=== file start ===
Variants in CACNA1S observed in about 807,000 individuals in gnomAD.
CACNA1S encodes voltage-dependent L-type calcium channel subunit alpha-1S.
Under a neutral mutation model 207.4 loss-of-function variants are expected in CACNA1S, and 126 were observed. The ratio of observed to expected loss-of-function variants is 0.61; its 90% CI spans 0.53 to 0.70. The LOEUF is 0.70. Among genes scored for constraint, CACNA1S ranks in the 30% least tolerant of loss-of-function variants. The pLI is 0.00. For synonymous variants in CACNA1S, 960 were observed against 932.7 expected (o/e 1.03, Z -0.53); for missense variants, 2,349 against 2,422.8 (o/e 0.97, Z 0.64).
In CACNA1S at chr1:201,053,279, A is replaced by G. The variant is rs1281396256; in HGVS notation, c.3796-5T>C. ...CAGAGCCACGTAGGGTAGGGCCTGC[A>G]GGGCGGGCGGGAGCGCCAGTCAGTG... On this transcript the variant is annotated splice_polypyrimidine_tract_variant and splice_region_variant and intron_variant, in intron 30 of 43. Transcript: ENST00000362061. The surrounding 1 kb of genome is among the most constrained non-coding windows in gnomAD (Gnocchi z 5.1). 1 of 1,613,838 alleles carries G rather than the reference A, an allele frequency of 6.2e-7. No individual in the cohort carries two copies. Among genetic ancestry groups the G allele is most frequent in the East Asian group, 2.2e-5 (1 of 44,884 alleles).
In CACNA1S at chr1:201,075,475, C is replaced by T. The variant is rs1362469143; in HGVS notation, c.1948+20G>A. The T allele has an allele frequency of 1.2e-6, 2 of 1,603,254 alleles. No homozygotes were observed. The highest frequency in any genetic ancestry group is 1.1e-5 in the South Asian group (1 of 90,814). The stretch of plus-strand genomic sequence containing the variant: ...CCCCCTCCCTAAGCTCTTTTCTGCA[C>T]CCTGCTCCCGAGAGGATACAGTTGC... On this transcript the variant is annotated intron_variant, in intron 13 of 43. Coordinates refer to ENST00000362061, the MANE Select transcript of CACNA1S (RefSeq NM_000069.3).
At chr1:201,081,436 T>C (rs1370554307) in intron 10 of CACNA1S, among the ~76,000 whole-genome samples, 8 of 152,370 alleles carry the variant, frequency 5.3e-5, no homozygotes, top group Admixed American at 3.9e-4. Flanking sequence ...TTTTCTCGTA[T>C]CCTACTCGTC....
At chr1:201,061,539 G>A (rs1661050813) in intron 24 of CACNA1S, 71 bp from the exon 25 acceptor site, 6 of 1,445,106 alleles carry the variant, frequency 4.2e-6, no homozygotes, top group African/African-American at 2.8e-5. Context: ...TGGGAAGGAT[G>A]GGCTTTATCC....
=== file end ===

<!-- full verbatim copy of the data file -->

Variants in CACNA1S observed in about 807,000 individuals in gnomAD.
CACNA1S encodes voltage-dependent L-type calcium channel subunit alpha-1S.
Under a neutral mutation model 207.4 loss-of-function variants are expected in CACNA1S, and 126 were observed. The ratio of observed to expected loss-of-function variants is 0.61; its 90% CI spans 0.53 to 0.70. The LOEUF is 0.70. Among genes scored for constraint, CACNA1S ranks in the 30% least tolerant of loss-of-function variants. The pLI is 0.00. For synonymous variants in CACNA1S, 960 were observed against 932.7 expected (o/e 1.03, Z -0.53); for missense variants, 2,349 against 2,422.8 (o/e 0.97, Z 0.64).
In CACNA1S at chr1:201,053,279, A is replaced by G. The variant is rs1281396256; in HGVS notation, c.3796-5T>C. ...CAGAGCCACGTAGGGTAGGGCCTGC[A>G]GGGCGGGCGGGAGCGCCAGTCAGTG... On this transcript the variant is annotated splice_polypyrimidine_tract_variant and splice_region_variant and intron_variant, in intron 30 of 43. Transcript: ENST00000362061. The surrounding 1 kb of genome is among the most constrained non-coding windows in gnomAD (Gnocchi z 5.1). 1 of 1,613,838 alleles carries G rather than the reference A, an allele frequency of 6.2e-7. No individual in the cohort carries two copies. Among genetic ancestry groups the G allele is most frequent in the East Asian group, 2.2e-5 (1 of 44,884 alleles).
In CACNA1S at chr1:201,075,475, C is replaced by T. The variant is rs1362469143; in HGVS notation, c.1948+20G>A. The T allele has an allele frequency of 1.2e-6, 2 of 1,603,254 alleles. No homozygotes were observed. The highest frequency in any genetic ancestry group is 1.1e-5 in the South Asian group (1 of 90,814). The stretch of plus-strand genomic sequence containing the variant: ...CCCCCTCCCTAAGCTCTTTTCTGCA[C>T]CCTGCTCCCGAGAGGATACAGTTGC... On this transcript the variant is annotated intron_variant, in intron 13 of 43. Coordinates refer to ENST00000362061, the MANE Select transcript of CACNA1S (RefSeq NM_000069.3).
At chr1:201,081,436 T>C (rs1370554307) in intron 10 of CACNA1S, among the ~76,000 whole-genome samples, 8 of 152,370 alleles carry the variant, frequency 5.3e-5, no homozygotes, top group Admixed American at 3.9e-4. Flanking sequence ...TTTTCTCGTA[T>C]CCTACTCGTC....
At chr1:201,061,539 G>A (rs1661050813) in intron 24 of CACNA1S, 71 bp from the exon 25 acceptor site, 6 of 1,445,106 alleles carry the variant, frequency 4.2e-6, no homozygotes, top group African/African-American at 2.8e-5. Context: ...TGGGAAGGAT[G>A]GGCTTTATCC....